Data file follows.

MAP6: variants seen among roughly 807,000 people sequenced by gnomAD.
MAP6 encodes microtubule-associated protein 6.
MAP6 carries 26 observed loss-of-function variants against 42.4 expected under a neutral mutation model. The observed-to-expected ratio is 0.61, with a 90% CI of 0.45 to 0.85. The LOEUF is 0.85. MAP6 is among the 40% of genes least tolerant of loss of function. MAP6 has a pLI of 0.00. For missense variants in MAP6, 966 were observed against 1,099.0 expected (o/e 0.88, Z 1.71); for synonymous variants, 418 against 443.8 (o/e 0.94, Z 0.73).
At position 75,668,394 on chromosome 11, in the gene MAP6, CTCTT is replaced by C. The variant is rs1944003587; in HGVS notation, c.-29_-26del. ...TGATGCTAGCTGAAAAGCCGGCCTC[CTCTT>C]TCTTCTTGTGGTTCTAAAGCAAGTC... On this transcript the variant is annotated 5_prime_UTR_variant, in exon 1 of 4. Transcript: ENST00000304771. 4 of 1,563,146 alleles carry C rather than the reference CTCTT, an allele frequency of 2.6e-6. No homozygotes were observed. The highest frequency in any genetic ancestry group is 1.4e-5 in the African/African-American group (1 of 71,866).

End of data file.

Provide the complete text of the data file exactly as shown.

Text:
MAP6: variants seen among roughly 807,000 people sequenced by gnomAD.
MAP6 encodes microtubule-associated protein 6.
MAP6 carries 26 observed loss-of-function variants against 42.4 expected under a neutral mutation model. The observed-to-expected ratio is 0.61, with a 90% CI of 0.45 to 0.85. The LOEUF is 0.85. MAP6 is among the 40% of genes least tolerant of loss of function. MAP6 has a pLI of 0.00. For missense variants in MAP6, 966 were observed against 1,099.0 expected (o/e 0.88, Z 1.71); for synonymous variants, 418 against 443.8 (o/e 0.94, Z 0.73).
At position 75,668,394 on chromosome 11, in the gene MAP6, CTCTT is replaced by C. The variant is rs1944003587; in HGVS notation, c.-29_-26del. ...TGATGCTAGCTGAAAAGCCGGCCTC[CTCTT>C]TCTTCTTGTGGTTCTAAAGCAAGTC... On this transcript the variant is annotated 5_prime_UTR_variant, in exon 1 of 4. Transcript: ENST00000304771. 4 of 1,563,146 alleles carry C rather than the reference CTCTT, an allele frequency of 2.6e-6. No homozygotes were observed. The highest frequency in any genetic ancestry group is 1.4e-5 in the African/African-American group (1 of 71,866).